Show Summary Details
Page of

Non-ST-segment elevation acute coronary syndromes 

Non-ST-segment elevation acute coronary syndromes
Non-ST-segment elevation acute coronary syndromes

Héctor Bueno

and José A Barrabés



Added new Table and 29 new references, new heading “Indicators for assessing quality of acute care”

Updated on 22 February 2018. The previous version of this content can be found here.
Page of

PRINTED FROM OXFORD MEDICINE ONLINE ( © Oxford University Press, 2020. All Rights Reserved. Under the terms of the licence agreement, an individual user may print out a PDF of a single chapter of a title in Oxford Medicine Online for personal use (for details see Privacy Policy and Legal Notice).

date: 09 July 2020

Non-ST-segment elevation acute coronary syndromes are life-threatening disorders, usually caused by acute coronary thrombosis and subsequent myocardial ischaemia, presenting without persistent ST-segment elevation in the initial electrocardiogram. According to the occurrence of myocardial necrosis, non-ST-segment elevation acute coronary syndromes are divided into non-ST-segment myocardial infarction or unstable angina. The management of non-ST-segment elevation acute coronary syndromes requires an early diagnosis and risk stratification, urgent hospitalization, monitoring, and medical treatment, including antithrombotic therapy with dual antiplatelet therapy (aspirin plus one P2Y12 inhibitor) and parenteral anticoagulation, anti-ischaemic treatment, and preventative therapies. After the initial medical therapy is established, an invasive strategy, consisting of coronary angiography with coronary revascularization (either percutaneous coronary intervention or coronary bypass graft surgery), as appropriate, should be decided. The timing of the invasive strategy should be adjusted, according to the patient’s risk. Given the high event rate of patients with non-ST-segment elevation acute coronary syndromes after hospital discharge, an aggressive long-term preventative therapy should be put in place to improve prognosis.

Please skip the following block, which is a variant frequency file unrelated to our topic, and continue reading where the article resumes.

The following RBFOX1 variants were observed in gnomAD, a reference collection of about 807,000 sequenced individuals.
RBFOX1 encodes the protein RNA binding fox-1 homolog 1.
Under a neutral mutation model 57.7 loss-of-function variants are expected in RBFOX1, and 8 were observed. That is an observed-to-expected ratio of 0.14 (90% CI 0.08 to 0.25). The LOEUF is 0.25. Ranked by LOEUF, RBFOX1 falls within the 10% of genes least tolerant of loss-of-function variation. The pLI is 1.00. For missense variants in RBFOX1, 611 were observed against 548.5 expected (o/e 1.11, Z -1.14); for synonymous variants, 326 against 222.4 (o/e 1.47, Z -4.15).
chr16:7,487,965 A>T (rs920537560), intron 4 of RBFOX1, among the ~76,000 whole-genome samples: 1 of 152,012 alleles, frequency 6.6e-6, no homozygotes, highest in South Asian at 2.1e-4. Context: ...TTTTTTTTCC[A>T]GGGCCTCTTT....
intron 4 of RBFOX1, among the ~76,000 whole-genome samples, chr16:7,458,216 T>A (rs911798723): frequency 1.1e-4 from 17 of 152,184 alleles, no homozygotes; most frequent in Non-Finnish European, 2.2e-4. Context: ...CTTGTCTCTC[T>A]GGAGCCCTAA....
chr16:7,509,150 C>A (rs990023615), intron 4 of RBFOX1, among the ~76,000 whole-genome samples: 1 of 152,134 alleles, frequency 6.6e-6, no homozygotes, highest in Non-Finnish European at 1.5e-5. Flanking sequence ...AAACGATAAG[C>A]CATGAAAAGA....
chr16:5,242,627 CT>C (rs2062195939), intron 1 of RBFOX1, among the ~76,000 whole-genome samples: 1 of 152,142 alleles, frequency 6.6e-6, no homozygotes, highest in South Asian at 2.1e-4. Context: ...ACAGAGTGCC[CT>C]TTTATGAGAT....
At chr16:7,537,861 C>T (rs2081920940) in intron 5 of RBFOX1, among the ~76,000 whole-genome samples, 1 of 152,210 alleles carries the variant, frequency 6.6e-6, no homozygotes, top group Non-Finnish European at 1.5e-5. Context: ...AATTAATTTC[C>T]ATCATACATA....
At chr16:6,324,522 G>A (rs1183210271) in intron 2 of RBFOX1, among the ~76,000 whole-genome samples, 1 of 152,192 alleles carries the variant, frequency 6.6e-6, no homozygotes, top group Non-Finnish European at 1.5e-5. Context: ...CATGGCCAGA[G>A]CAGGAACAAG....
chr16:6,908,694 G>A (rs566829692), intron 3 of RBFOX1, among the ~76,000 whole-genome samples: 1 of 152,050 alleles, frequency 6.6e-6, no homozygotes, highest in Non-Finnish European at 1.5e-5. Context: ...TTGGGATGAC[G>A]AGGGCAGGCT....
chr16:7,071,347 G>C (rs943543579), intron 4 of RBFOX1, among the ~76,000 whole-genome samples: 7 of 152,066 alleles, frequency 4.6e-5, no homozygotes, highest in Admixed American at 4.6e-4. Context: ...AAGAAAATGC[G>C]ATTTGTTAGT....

Access to the complete content on Oxford Medicine Online requires a subscription or purchase. Public users are able to search the site and view the abstracts for each book and chapter without a subscription.

Please subscribe or login to access full text content.

If you have purchased a print title that contains an access token, please see the token for information about how to register your code.

For questions on access or troubleshooting, please check our FAQs, and if you can't find the answer there, please contact us.